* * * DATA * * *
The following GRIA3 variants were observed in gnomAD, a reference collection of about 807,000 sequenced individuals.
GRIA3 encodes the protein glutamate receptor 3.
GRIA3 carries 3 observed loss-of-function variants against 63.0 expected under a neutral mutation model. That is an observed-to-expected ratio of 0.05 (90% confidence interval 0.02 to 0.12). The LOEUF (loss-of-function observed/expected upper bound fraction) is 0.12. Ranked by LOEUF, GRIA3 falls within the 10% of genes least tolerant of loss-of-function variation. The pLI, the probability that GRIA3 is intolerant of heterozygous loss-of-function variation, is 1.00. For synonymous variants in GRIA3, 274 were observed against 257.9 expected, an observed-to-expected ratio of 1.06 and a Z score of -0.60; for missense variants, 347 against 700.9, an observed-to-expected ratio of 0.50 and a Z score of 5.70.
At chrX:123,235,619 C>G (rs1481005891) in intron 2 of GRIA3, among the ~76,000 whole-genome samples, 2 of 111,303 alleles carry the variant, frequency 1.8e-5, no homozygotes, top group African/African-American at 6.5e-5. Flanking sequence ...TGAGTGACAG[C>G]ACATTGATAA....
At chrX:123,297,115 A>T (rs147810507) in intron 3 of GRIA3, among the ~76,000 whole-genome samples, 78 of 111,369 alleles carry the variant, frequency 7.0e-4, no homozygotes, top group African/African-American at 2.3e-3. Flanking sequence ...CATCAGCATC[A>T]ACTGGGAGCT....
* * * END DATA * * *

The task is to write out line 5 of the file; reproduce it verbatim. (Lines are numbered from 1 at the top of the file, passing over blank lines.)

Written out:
At chrX:123,297,115 A>T (rs147810507) in intron 3 of GRIA3, among the ~76,000 whole-genome samples, 78 of 111,369 alleles carry the variant, frequency 7.0e-4, no homozygotes, top group African/African-American at 2.3e-3. Flanking sequence ...CATCAGCATC[A>T]ACTGGGAGCT....